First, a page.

As I wrote in an earlier post, South Asia has made significant progress in integrating with the global economy, however, integration within the region remains limited. Ahmed and Ghani note that while economic growth in South Asia has reduced poverty sharply, there have been two negative developments following the growth: 1) evidence of growing income inequality in South Asia, and 2) a growing imbalance among regions within countries and among the countries themselves. The lagging regions challenge relates strongly to geography, with many of the South Asia’s lagging regions being landlocked countries and border communities.
Ahmed and Ghani have created a map of per capita income in South Asia, which highlight the following results:
- The landlocked countries of both Afghanistan and Nepal are among the lowest per capita income group in the region.
- 12 out of the 14 states of India that have borders with neighbors have per capita income levels that are at or below the national average.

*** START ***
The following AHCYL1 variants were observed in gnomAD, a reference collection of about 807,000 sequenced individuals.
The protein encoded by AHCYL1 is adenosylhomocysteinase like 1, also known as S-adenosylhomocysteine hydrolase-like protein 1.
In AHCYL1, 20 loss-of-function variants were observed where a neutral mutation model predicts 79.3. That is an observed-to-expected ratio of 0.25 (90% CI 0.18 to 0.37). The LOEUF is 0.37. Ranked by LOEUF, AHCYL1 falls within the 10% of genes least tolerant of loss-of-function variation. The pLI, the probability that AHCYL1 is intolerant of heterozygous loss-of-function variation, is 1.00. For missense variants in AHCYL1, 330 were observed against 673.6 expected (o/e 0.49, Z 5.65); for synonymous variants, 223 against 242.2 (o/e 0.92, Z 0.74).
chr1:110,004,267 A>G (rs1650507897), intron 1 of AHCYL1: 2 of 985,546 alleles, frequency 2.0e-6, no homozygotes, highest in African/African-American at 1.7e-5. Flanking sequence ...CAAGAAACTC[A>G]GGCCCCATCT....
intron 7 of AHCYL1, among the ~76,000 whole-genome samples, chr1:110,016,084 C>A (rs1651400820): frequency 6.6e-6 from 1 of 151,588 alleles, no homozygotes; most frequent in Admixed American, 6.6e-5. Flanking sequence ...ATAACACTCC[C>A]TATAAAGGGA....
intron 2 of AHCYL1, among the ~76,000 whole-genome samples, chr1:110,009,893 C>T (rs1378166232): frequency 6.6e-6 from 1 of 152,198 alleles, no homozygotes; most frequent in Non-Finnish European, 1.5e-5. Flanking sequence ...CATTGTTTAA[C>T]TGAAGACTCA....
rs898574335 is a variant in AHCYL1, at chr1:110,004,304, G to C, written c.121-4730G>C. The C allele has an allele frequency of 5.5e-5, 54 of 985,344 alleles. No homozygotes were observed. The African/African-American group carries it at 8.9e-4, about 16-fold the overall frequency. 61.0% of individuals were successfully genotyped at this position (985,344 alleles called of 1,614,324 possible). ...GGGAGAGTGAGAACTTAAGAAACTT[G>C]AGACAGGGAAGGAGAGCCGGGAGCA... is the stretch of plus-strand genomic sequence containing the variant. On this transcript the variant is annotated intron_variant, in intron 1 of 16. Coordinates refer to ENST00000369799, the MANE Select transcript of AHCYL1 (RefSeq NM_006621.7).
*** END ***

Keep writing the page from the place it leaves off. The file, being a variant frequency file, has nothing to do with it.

- In Bangladesh, the border districts tend to have per capita incomes lower than the national average.
Not surprisingly, the lagging regions display socioeconomic characteristics that underscore poverty and underdevelopment. The lagging regions have an estimated 400 million people, of whom an estimated 200 million are poor (reference year of 2005). This is about 50 percent of South Asia’s estimated total number of poor for the year 2005. The human development indicators, infrastructure reach, and access to water tend to be below the comparable national average, and many indicators are lower than the average in South Asia.
The map of per capita income speaks volumes for the need for regional cooperation in South Asia. Regional cooperation can facilitate a more equitable growth and allow lagging regions to participate in the rapid economic growth that the subcontinent has been experiencing.